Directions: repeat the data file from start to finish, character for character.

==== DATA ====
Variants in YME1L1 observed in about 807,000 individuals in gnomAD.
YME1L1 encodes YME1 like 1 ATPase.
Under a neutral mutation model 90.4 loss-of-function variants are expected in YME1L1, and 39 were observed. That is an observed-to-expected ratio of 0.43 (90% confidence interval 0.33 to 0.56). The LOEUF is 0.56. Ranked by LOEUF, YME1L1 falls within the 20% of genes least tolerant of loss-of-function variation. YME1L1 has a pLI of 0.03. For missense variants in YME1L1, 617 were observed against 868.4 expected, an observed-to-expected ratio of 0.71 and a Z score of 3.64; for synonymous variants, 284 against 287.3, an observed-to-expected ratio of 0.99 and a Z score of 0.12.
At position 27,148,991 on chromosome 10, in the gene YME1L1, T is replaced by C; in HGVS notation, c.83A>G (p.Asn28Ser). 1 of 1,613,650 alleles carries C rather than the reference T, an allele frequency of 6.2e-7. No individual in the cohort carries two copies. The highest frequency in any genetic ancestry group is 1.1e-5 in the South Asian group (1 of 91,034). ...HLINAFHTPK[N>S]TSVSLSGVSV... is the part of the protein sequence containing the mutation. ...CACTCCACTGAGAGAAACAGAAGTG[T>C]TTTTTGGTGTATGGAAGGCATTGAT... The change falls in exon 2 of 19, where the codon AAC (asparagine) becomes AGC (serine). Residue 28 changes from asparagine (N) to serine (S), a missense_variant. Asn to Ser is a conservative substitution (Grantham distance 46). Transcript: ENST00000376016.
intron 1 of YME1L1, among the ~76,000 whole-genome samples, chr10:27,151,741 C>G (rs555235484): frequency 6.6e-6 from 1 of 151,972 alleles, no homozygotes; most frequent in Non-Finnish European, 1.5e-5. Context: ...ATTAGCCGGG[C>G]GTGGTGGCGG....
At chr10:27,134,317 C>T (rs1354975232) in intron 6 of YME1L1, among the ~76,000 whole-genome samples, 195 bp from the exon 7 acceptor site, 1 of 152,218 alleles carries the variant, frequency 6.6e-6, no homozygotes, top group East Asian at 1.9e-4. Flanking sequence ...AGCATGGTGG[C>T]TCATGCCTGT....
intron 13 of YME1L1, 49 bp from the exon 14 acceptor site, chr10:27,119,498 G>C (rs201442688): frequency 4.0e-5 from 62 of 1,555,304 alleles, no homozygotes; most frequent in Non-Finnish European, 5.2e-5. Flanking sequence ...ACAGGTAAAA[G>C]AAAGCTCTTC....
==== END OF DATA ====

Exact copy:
Variants in YME1L1 observed in about 807,000 individuals in gnomAD.
YME1L1 encodes YME1 like 1 ATPase.
Under a neutral mutation model 90.4 loss-of-function variants are expected in YME1L1, and 39 were observed. That is an observed-to-expected ratio of 0.43 (90% confidence interval 0.33 to 0.56). The LOEUF is 0.56. Ranked by LOEUF, YME1L1 falls within the 20% of genes least tolerant of loss-of-function variation. YME1L1 has a pLI of 0.03. For missense variants in YME1L1, 617 were observed against 868.4 expected, an observed-to-expected ratio of 0.71 and a Z score of 3.64; for synonymous variants, 284 against 287.3, an observed-to-expected ratio of 0.99 and a Z score of 0.12.
At position 27,148,991 on chromosome 10, in the gene YME1L1, T is replaced by C; in HGVS notation, c.83A>G (p.Asn28Ser). 1 of 1,613,650 alleles carries C rather than the reference T, an allele frequency of 6.2e-7. No individual in the cohort carries two copies. The highest frequency in any genetic ancestry group is 1.1e-5 in the South Asian group (1 of 91,034). ...HLINAFHTPK[N>S]TSVSLSGVSV... is the part of the protein sequence containing the mutation. ...CACTCCACTGAGAGAAACAGAAGTG[T>C]TTTTTGGTGTATGGAAGGCATTGAT... The change falls in exon 2 of 19, where the codon AAC (asparagine) becomes AGC (serine). Residue 28 changes from asparagine (N) to serine (S), a missense_variant. Asn to Ser is a conservative substitution (Grantham distance 46). Transcript: ENST00000376016.
intron 1 of YME1L1, among the ~76,000 whole-genome samples, chr10:27,151,741 C>G (rs555235484): frequency 6.6e-6 from 1 of 151,972 alleles, no homozygotes; most frequent in Non-Finnish European, 1.5e-5. Context: ...ATTAGCCGGG[C>G]GTGGTGGCGG....
At chr10:27,134,317 C>T (rs1354975232) in intron 6 of YME1L1, among the ~76,000 whole-genome samples, 195 bp from the exon 7 acceptor site, 1 of 152,218 alleles carries the variant, frequency 6.6e-6, no homozygotes, top group East Asian at 1.9e-4. Flanking sequence ...AGCATGGTGG[C>T]TCATGCCTGT....
intron 13 of YME1L1, 49 bp from the exon 14 acceptor site, chr10:27,119,498 G>C (rs201442688): frequency 4.0e-5 from 62 of 1,555,304 alleles, no homozygotes; most frequent in Non-Finnish European, 5.2e-5. Flanking sequence ...ACAGGTAAAA[G>C]AAAGCTCTTC....